We seem to spend a major part of our waking life charging batteries of our smartphones, laptops, watches, wearables, and more. Although most of our gadgets work at lightning speeds, one common frustrating weakness lingers on—the batteries. Of course, they have improved tremendously in the last fifty years, yet they have retained characteristics such as being toxic, expensive, bulky, finicky, and most maddeningly, short-lived. The quest for a super battery does not end with smartphones alone, rather it continues with electric cars and renewable energy sources such as wind and solar power, holding the keys to a greener future.
Mike Zimmerman, a Professor at the Tufts University just outside Boston, and his team have created what they claim is the next generation of the Lithium-ion battery. The main characteristic of this new type of battery is it is safe to power up cars, phones, and other gadgets.
The current breed of Lithium-ion batteries relies on a liquid electrolyte between their positive and negative electrodes. When hit or pierced, the leaking liquid electrolyte makes the battery vulnerable to fire or even explosion. The Galaxy Note 7 phones from Samsung aptly demonstrated this—it had spontaneously exploding batteries that would catch fire as the battery casing caused one of the electrodes to bend, increasing the risk of short circuits.
However, Zimmerman’s battery won’t explode or catch fire even if most of it has been chopped away. Rather, it will continue to power the device. It will endure repeated damage without risk of fire or explosion, thanks to its solid electrolyte.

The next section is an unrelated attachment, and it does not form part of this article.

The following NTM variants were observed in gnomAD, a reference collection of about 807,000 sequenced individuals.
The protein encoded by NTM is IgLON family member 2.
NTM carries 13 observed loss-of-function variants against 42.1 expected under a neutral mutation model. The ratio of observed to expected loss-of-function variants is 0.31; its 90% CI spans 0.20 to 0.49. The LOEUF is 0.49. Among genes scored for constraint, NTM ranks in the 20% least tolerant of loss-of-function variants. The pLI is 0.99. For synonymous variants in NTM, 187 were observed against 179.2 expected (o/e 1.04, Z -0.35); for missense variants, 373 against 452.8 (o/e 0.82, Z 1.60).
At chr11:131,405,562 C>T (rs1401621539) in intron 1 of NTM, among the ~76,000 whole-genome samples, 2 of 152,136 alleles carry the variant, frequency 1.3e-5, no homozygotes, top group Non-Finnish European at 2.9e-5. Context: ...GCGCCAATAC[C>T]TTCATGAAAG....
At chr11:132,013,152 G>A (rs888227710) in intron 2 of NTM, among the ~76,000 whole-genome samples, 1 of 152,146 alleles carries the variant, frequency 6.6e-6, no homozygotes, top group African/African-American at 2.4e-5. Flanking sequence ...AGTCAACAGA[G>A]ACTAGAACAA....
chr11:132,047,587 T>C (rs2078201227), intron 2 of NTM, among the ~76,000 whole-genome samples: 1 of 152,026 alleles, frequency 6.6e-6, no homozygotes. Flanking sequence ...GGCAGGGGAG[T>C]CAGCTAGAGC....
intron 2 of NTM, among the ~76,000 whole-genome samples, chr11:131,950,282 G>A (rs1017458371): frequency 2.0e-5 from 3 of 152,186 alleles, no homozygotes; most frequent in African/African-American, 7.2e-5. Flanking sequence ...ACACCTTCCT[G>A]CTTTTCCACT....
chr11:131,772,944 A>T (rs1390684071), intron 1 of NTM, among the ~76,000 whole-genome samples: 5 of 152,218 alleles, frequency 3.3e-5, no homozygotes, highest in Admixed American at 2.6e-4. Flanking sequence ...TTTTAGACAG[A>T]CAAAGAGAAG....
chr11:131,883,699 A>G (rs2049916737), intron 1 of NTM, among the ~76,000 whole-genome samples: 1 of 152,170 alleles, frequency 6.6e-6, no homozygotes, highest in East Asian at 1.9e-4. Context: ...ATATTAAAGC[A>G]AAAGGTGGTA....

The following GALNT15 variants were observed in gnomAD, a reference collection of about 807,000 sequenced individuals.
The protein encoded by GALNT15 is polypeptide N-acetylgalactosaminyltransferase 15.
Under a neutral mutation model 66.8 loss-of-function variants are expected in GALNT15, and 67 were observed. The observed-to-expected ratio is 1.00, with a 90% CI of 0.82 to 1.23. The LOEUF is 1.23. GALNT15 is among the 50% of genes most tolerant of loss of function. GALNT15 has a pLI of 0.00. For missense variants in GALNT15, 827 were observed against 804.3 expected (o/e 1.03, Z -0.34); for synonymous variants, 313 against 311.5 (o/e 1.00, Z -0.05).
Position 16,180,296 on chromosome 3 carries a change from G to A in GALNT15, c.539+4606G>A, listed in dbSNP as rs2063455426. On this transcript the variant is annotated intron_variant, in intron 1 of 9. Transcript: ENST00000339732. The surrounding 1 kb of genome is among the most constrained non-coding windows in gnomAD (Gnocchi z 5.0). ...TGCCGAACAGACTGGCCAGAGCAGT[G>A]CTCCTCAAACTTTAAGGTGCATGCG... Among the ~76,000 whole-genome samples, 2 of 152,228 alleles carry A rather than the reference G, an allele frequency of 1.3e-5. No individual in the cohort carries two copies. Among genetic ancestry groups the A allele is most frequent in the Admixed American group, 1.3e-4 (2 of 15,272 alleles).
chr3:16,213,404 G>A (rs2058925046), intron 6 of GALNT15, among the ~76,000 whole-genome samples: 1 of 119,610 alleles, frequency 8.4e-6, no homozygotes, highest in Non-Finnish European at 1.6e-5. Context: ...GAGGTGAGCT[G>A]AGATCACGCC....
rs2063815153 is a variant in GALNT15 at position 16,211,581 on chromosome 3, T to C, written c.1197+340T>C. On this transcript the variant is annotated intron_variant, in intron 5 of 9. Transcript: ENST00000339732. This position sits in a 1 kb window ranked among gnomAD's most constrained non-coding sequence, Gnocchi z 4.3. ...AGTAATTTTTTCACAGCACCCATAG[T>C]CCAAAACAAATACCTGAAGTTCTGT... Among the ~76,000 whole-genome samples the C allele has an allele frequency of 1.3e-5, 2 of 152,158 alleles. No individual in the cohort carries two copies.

Besides being the Holy Grail for safe batteries, solid electrolytes can hold more charge for a given volume compared to what the liquid electrolytes can. The solid plastic electrolyte developed by Professor Zimmerman does not allow the formation of dendrites—tendrils of Lithium that originate from the electrodes and spread throughout the electrolyte—that cause the dangerous short-circuits.
Other researchers have been looking at charging times for batteries and trying to speed up the process. Rather than improve the charging times for Lithium-ions, scientists have been experimenting with different types of batteries, and claim to have hit success with batteries made from Aluminum foil.
Although research on Aluminum batteries has continued for years, most prototypes were incapable of withstanding more than a few dozen charges, before they lost their potency. Most cellphones, on the other hand, sustain more than a thousand charge cycles before their capacity deteriorates.
The Aluminum foil batteries can sustain a staggering 7,000 charge cycles. They are also safe—researchers could drill a hole into the battery while it was operating, and unlike a Lithium-ion battery, the Aluminum battery did not explode. However, Aluminum batteries are not yet ready for the market, as they are heavier than Lithium-ion batteries of the same capacity.
The researchers used a solution of Aluminum Trichloride dissolved in an organic solvent containing Chlorine. Although the Aluminum atom has three electrons in its outer shell, the present chemistry utilizes only one of them. Lithium atoms also do the same, as they have only one electron in their outer shell. However, Lithium atoms are only one-third as heavy as the Aluminum atoms.